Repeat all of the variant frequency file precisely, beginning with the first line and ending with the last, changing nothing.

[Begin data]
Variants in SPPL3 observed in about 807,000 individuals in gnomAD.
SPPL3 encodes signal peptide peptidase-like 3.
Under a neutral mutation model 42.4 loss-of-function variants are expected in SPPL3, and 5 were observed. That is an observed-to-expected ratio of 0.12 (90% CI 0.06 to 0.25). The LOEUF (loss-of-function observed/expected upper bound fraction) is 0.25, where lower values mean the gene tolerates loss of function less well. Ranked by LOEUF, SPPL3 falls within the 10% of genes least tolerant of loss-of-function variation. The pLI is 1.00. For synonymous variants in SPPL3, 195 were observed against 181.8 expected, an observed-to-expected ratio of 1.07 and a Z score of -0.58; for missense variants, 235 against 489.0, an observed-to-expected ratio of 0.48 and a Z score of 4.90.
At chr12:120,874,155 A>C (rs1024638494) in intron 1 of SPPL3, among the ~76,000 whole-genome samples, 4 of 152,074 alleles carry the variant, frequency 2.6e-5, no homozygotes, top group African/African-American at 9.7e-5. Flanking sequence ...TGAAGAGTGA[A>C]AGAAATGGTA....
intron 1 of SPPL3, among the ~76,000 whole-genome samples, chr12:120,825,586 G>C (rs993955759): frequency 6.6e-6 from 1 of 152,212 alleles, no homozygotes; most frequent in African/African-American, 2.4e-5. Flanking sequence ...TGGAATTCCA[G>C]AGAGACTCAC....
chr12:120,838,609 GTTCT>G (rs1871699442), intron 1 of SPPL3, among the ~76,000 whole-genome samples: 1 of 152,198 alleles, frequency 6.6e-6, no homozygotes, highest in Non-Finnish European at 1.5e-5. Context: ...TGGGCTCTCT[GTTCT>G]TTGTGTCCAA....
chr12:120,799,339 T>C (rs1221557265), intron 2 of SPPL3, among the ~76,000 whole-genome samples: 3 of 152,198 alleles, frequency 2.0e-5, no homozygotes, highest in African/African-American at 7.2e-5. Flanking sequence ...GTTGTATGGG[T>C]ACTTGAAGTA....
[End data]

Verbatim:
Variants in SPPL3 observed in about 807,000 individuals in gnomAD.
SPPL3 encodes signal peptide peptidase-like 3.
Under a neutral mutation model 42.4 loss-of-function variants are expected in SPPL3, and 5 were observed. That is an observed-to-expected ratio of 0.12 (90% CI 0.06 to 0.25). The LOEUF (loss-of-function observed/expected upper bound fraction) is 0.25, where lower values mean the gene tolerates loss of function less well. Ranked by LOEUF, SPPL3 falls within the 10% of genes least tolerant of loss-of-function variation. The pLI is 1.00. For synonymous variants in SPPL3, 195 were observed against 181.8 expected, an observed-to-expected ratio of 1.07 and a Z score of -0.58; for missense variants, 235 against 489.0, an observed-to-expected ratio of 0.48 and a Z score of 4.90.
At chr12:120,874,155 A>C (rs1024638494) in intron 1 of SPPL3, among the ~76,000 whole-genome samples, 4 of 152,074 alleles carry the variant, frequency 2.6e-5, no homozygotes, top group African/African-American at 9.7e-5. Flanking sequence ...TGAAGAGTGA[A>C]AGAAATGGTA....
intron 1 of SPPL3, among the ~76,000 whole-genome samples, chr12:120,825,586 G>C (rs993955759): frequency 6.6e-6 from 1 of 152,212 alleles, no homozygotes; most frequent in African/African-American, 2.4e-5. Flanking sequence ...TGGAATTCCA[G>C]AGAGACTCAC....
chr12:120,838,609 GTTCT>G (rs1871699442), intron 1 of SPPL3, among the ~76,000 whole-genome samples: 1 of 152,198 alleles, frequency 6.6e-6, no homozygotes, highest in Non-Finnish European at 1.5e-5. Context: ...TGGGCTCTCT[GTTCT>G]TTGTGTCCAA....
chr12:120,799,339 T>C (rs1221557265), intron 2 of SPPL3, among the ~76,000 whole-genome samples: 3 of 152,198 alleles, frequency 2.0e-5, no homozygotes, highest in African/African-American at 7.2e-5. Flanking sequence ...GTTGTATGGG[T>C]ACTTGAAGTA....